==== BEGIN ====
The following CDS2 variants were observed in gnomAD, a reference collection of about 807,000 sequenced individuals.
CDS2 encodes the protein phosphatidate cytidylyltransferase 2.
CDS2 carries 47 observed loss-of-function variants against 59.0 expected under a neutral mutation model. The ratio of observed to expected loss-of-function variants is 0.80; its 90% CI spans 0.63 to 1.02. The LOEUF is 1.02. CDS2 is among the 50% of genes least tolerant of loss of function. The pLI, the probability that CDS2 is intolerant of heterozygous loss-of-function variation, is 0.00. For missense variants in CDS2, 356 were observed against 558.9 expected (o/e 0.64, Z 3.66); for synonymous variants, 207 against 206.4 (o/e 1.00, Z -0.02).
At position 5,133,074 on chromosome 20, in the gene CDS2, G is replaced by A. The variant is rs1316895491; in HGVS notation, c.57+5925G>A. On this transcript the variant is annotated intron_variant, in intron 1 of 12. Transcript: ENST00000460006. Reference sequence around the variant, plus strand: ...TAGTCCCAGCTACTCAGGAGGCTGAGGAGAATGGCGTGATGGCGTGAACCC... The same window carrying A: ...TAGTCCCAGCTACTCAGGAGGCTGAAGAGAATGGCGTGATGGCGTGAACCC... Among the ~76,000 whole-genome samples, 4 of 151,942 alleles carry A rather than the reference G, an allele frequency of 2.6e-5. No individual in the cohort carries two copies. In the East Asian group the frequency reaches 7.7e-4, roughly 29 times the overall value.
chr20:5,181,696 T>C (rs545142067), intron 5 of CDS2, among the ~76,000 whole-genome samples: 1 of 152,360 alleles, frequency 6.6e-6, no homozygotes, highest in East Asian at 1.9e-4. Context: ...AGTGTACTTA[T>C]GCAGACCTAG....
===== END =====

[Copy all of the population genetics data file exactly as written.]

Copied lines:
The following CDS2 variants were observed in gnomAD, a reference collection of about 807,000 sequenced individuals.
CDS2 encodes the protein phosphatidate cytidylyltransferase 2.
CDS2 carries 47 observed loss-of-function variants against 59.0 expected under a neutral mutation model. The ratio of observed to expected loss-of-function variants is 0.80; its 90% CI spans 0.63 to 1.02. The LOEUF is 1.02. CDS2 is among the 50% of genes least tolerant of loss of function. The pLI, the probability that CDS2 is intolerant of heterozygous loss-of-function variation, is 0.00. For missense variants in CDS2, 356 were observed against 558.9 expected (o/e 0.64, Z 3.66); for synonymous variants, 207 against 206.4 (o/e 1.00, Z -0.02).
At position 5,133,074 on chromosome 20, in the gene CDS2, G is replaced by A. The variant is rs1316895491; in HGVS notation, c.57+5925G>A. On this transcript the variant is annotated intron_variant, in intron 1 of 12. Transcript: ENST00000460006. Reference sequence around the variant, plus strand: ...TAGTCCCAGCTACTCAGGAGGCTGAGGAGAATGGCGTGATGGCGTGAACCC... The same window carrying A: ...TAGTCCCAGCTACTCAGGAGGCTGAAGAGAATGGCGTGATGGCGTGAACCC... Among the ~76,000 whole-genome samples, 4 of 151,942 alleles carry A rather than the reference G, an allele frequency of 2.6e-5. No individual in the cohort carries two copies. In the East Asian group the frequency reaches 7.7e-4, roughly 29 times the overall value.
chr20:5,181,696 T>C (rs545142067), intron 5 of CDS2, among the ~76,000 whole-genome samples: 1 of 152,360 alleles, frequency 6.6e-6, no homozygotes, highest in East Asian at 1.9e-4. Context: ...AGTGTACTTA[T>C]GCAGACCTAG....